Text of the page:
Rest is recovery and food is fuel so if you are looking to have more energy there is no greater combination than good sleep and good nutrition.
Whilst there are many conflicting ideologies when it comes to nutrition and weight-loss there is actually much consensus amongst sleep scientists when it comes to eating for sustained energy.
Here are some logical points to consider when planning what you put in your mouth:
Energy input must equal energy output…
If you are not eating enough, you will not have the energy you need to perform all day long.
Meals should be small and include protein…
Protein helps to keep your blood sugar levels stable.
If you want to have fewer energy dips then you will need to add foods such as biltong, full-fat cheese, nuts and hummus to your lunch box.
Avoid large meals heavy in carbohydrates…
Especially if you don’t want to feel sleepy after lunch.
Large meals require blood to divert away from your brain towards your digestive organs. If you want to feel alert, you will need blood flow in your brain.
Keeping your brain and body hydrated…
Will help you to keep going.
Caffeine can help pick you up but it can also lead to dehydration. Your brain consists of 73% water so its ability to do its job is impaired when it gets dry. Drinking water throughout the day is the best way to stay energetic and bright throughout your day.
Start eating for energy
The great news is eating this way will in turn help you sleep well. And sleeping well will help you find it easier to make good food selections during your day.
Here’s to fuelling your best life with good sleep and great food.
Could the way you are sleeping be the reason that your attempts to consume a healthy diet are failing? Here are the five big, bad sleep habits that could be limiting your dieting success.
1. You get too little sleep.
The right amount of sleep is somewhere between 7,5 and 9 hours. Getting less then this, will change your body’s hormone levels significantly. Sleep deprivation throws the body into a ‘stress response’ causing hormones like cortisone, adrenaline and grehlin to rise. This leaves you feeling hungry and craving high-carb, high-fat foods like doughnuts and burgers. One study showed that those who slept less, also consumed less fruit and vegetables. So sleep deprivation gets you lots of calories and very little nutrition.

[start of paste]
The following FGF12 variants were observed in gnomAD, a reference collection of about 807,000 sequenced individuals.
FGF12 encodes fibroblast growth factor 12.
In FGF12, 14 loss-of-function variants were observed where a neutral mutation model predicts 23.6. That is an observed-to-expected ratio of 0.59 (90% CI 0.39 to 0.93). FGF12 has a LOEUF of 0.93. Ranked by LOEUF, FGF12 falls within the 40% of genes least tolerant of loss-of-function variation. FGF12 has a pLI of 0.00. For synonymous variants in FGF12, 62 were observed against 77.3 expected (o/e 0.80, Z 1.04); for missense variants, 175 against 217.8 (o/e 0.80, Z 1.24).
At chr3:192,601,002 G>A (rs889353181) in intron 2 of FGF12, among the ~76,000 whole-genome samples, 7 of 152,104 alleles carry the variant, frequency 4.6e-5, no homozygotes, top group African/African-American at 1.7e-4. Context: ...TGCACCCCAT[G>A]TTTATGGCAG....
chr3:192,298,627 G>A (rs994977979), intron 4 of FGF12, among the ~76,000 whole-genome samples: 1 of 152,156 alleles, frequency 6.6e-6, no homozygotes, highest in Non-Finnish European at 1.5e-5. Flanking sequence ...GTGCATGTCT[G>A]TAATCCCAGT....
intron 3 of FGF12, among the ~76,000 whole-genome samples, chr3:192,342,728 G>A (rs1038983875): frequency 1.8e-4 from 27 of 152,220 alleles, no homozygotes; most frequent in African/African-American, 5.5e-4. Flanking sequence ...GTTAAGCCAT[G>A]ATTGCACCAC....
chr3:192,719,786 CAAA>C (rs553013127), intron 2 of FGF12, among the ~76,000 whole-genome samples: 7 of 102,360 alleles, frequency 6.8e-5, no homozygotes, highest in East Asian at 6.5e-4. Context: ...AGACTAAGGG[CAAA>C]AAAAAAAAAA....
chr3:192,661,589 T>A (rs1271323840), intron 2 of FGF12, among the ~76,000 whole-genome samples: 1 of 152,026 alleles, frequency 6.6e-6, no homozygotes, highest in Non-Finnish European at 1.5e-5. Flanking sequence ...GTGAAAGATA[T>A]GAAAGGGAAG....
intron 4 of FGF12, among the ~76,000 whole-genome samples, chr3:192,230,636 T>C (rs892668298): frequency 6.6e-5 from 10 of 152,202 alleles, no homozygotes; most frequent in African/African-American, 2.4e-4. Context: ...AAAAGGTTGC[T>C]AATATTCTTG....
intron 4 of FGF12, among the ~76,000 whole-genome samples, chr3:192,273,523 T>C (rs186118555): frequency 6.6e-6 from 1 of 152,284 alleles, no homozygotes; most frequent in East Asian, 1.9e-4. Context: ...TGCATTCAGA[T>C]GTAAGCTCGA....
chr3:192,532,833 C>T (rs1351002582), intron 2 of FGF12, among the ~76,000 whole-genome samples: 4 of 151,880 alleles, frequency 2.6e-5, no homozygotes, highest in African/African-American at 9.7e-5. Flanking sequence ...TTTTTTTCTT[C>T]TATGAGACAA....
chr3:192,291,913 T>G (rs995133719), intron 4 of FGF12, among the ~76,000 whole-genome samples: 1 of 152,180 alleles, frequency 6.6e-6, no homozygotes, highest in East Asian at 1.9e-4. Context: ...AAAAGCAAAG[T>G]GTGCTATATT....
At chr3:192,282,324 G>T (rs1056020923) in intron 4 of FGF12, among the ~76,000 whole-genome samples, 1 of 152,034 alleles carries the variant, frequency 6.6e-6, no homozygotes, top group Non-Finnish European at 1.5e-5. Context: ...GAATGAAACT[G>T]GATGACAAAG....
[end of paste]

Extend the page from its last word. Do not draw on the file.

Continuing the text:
2. You don’t get the right amount of REM sleep.
During this time you will go through around 5 or 6 complete sleep cycles. It is during the last sleep phase in each cycle, known as REM sleep, that your body will burn the most calories as energy is needed to repair and protect the body and mind. Getting too little sleep means less REM sleep and less calories burned while you are sleeping. Two people could be eating the same diet, but the one getting six hours of sleep (instead of 7,5 hours) would be gaining weight while the other maintains a healthy weight.
3. You get too much sleep.
Sleeping more than 9 hours is equally undesirable if you are striving for a healthy diet. Oversleepers are more prone to excessive alcohol use as well as to developing depression and anxiety, conditions closely linked with eating disorders such as obesity and anorexia. Oversleepers are also at higher risk for developing diabetes and heart disease. (Source)
4. You go to bed too late.
Going to bed late often goes hand-in-hand with eating dinner after 8pm as well as tucking into some tasty, convenient midnight snacks (and we are not talking about carrot or celery sticks here). Consuming most of your daily calories after dark is unhelpful if you want to sleep well and have sustained energy throughout the day. Get to bed early before the temptation to over-indulge hits you.
5. You sleep at the wrong time.
Our sleep needs to revolve around the sun, not around our schedules. We cannot change our biology. Sleeping the right amount at the wrong time will disrupt your internal clock and lead to excessive hunger and difficulty feeling satiated. If you would like to be able to eat well and feel full for longer then you will need to aim to fall asleep close to sunset or sunrise.
Read more here:
Could sleep be making you fat?